Online poll: Violent crime affecting lives

More than two-thirds of the 545 respondents to last week’s caycompass.com online poll who live on Grand Cayman say the spate of violent crime here is affecting the way they live either tremendously or a good amount. 

The largest segment of respondents – 170 people or 31.2 per cent – said violent crime in Grand Cayman was affecting the way they live a good amount. 

“It more has a psychological effect than anything else right now,” said one person. “I’m much more conscious of my surroundings and take a more active approach to securing my apartment/car/self.” 

“We are planning on leaving because of it, and I haven’t lived anywhere else,” said another respondent. “The crime rate is too large for such a tiny country.” 

“Not feeling safe causes one’s lifestyle and habits to change unconsciously,” said someone else. “Caymanian residents can no longer enjoy the old Cayman lifestyle. People are always … in fear that they will be the victim of the next burglary.  

“I don’t go out at night nearly as much as I used to and I make sure all my doors and windows are locked,” said someone else. “I also keep a baseball bat next to my bed.”  

“I believe I understand why the good Lord allows us only a finite period of time on this earth,” said another person. “I can’t imagine what my grandmother would think of Cayman today. It is best she is gone now. And I too am becoming a stranger in my own land.” 

Almost as many respondents – 168 people or 30.8 per cent – said violent crime on Grand Cayman was affecting their way of life tremendously. 

“I’m very careful now when walking in parking lots, especially at night, or after withdrawing money from the bank,” said one person. “I also try to hide things away in my car so they can’t be seen from the windows.”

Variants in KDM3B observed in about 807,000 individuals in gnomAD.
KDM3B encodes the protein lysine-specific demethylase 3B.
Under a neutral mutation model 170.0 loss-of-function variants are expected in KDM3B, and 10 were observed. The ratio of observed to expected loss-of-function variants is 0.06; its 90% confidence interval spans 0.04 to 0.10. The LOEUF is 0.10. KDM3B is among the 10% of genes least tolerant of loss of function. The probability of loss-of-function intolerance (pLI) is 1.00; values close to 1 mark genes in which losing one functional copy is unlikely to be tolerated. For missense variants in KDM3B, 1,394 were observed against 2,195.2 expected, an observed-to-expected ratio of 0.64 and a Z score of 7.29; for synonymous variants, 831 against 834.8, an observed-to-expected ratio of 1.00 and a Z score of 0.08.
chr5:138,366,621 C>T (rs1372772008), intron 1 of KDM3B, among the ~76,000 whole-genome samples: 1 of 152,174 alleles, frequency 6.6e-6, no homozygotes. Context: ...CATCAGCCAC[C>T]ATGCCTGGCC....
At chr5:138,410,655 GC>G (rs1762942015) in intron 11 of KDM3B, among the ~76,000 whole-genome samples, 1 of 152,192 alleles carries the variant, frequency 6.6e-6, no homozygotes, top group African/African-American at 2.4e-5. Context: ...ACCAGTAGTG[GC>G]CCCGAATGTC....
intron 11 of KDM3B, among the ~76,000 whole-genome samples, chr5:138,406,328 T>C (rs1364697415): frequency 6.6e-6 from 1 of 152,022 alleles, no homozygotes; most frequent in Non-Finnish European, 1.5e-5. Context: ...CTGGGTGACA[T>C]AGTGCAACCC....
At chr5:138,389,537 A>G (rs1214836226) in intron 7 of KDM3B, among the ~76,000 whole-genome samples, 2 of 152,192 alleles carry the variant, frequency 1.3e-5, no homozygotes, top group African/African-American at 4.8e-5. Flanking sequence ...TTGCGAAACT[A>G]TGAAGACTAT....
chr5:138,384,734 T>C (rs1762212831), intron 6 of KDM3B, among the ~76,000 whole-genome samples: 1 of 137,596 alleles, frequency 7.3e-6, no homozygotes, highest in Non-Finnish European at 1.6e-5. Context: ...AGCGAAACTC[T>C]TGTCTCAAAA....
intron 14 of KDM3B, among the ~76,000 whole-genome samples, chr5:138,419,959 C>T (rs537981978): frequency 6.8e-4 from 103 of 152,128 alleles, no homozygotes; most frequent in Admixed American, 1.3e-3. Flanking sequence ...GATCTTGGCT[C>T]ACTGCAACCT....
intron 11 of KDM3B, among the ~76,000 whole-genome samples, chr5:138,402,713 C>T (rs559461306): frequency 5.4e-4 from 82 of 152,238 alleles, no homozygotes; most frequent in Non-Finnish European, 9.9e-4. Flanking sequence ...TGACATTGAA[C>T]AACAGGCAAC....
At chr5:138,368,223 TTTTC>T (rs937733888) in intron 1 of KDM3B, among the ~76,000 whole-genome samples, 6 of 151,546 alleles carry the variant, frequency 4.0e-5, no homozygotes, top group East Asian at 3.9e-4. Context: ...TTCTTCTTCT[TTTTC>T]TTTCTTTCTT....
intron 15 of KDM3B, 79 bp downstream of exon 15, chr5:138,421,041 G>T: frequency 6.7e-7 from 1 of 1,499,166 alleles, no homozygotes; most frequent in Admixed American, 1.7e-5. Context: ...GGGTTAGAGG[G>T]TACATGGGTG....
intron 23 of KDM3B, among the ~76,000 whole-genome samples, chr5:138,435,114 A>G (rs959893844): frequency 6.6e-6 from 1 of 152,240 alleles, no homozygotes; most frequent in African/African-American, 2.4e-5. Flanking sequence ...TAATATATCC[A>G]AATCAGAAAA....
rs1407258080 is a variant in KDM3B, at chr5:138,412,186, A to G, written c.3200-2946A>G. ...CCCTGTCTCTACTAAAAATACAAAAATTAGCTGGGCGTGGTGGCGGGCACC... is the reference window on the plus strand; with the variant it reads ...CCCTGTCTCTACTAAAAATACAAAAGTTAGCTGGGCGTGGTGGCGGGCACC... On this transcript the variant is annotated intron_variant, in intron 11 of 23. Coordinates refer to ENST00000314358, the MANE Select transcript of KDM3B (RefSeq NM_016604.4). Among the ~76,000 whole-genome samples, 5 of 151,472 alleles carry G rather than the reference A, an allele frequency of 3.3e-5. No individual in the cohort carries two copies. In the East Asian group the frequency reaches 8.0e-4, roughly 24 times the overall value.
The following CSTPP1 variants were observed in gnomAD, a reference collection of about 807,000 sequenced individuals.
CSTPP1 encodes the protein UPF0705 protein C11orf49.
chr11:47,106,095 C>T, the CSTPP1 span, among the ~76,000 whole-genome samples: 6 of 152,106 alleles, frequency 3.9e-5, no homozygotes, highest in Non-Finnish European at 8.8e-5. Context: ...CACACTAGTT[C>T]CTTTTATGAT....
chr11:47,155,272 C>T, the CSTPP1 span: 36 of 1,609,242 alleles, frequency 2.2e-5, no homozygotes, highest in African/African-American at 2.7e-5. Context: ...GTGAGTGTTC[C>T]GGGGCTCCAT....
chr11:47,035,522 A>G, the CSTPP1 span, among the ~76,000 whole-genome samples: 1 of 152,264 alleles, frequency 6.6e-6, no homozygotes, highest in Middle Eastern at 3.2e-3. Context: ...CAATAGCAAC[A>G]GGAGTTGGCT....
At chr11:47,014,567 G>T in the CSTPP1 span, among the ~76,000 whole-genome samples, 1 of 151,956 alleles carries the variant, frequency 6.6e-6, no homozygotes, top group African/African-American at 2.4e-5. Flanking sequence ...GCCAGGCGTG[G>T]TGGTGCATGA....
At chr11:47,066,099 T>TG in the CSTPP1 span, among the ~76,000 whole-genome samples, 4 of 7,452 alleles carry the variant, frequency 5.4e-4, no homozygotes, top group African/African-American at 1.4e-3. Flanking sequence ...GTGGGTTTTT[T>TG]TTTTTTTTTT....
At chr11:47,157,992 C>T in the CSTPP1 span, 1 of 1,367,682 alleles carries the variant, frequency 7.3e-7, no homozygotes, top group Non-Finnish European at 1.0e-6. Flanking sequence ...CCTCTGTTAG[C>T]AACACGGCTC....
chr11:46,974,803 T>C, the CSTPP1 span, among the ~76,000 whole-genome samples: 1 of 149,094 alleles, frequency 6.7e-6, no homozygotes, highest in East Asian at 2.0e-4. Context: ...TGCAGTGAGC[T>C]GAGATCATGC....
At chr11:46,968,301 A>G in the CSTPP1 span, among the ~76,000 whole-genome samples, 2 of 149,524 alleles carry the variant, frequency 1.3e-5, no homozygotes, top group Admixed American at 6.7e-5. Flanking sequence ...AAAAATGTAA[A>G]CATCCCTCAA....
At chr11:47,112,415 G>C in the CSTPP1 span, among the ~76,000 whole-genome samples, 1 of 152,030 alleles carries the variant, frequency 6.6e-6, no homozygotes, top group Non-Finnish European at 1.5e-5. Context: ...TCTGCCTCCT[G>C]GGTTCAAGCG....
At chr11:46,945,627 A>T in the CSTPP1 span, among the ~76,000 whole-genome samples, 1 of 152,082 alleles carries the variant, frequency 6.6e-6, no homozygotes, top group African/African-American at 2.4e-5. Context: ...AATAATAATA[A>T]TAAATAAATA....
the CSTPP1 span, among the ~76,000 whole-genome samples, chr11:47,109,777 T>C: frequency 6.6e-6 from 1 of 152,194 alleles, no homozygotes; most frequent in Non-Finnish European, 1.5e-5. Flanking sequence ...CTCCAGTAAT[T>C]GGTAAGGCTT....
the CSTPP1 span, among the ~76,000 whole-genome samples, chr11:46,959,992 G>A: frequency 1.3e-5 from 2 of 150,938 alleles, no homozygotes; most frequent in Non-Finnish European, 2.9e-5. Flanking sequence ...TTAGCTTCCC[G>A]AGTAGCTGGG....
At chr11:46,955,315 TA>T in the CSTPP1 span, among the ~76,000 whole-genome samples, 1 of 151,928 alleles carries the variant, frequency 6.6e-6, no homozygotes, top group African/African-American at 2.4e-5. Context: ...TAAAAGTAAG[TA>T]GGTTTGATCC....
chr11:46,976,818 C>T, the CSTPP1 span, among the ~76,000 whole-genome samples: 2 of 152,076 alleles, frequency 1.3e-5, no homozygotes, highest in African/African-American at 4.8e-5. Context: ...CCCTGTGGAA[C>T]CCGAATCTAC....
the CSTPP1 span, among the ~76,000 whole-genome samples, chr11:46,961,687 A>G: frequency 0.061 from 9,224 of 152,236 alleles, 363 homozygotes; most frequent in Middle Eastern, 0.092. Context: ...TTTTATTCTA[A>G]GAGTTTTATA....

“I actually made a move to a gated community with camera surveillance out of fear,” said someone else. “Never thought that would happen to me in Cayman.” 

“I stopped plans to open a new retail outlet and I no longer leave the house after dark without being with someone,” said another person. “Cayman has become a very dangerous place to live.” 

Another large segment of respondents – 112 people or 20.5 per cent – said the violent crime was affecting the way the lived only a little. 

“It just makes me more nervous and less inclined to live here, given there seems no way to prevent this crime,” said one person. “It’s just getting worse.” 

“I refuse to let myself be terrorised by this minority in our community, but I do take some extra precautions for my own safety and that of my children,” said someone else. 

“I take more precautions – security system, more vigilant when alone, etc,” commented another respondent. 

Only 39 people – 7.2 per cent – said the violent crime wasn’t affecting their life at all. 

“Grand Cayman is a very safe place to live,” said one person. “Lived in West Bay for 28 years.” 

Fifty-one people – 9.4 per cent – responded that they didn’t live on Grand Cayman. 

“I will skip my annual visit to Cayman this year because of the crime,” said one person. “I’m not afraid of it, but it all makes me sick seeing Cayman decay.” 

“I left because of it,” said someone else.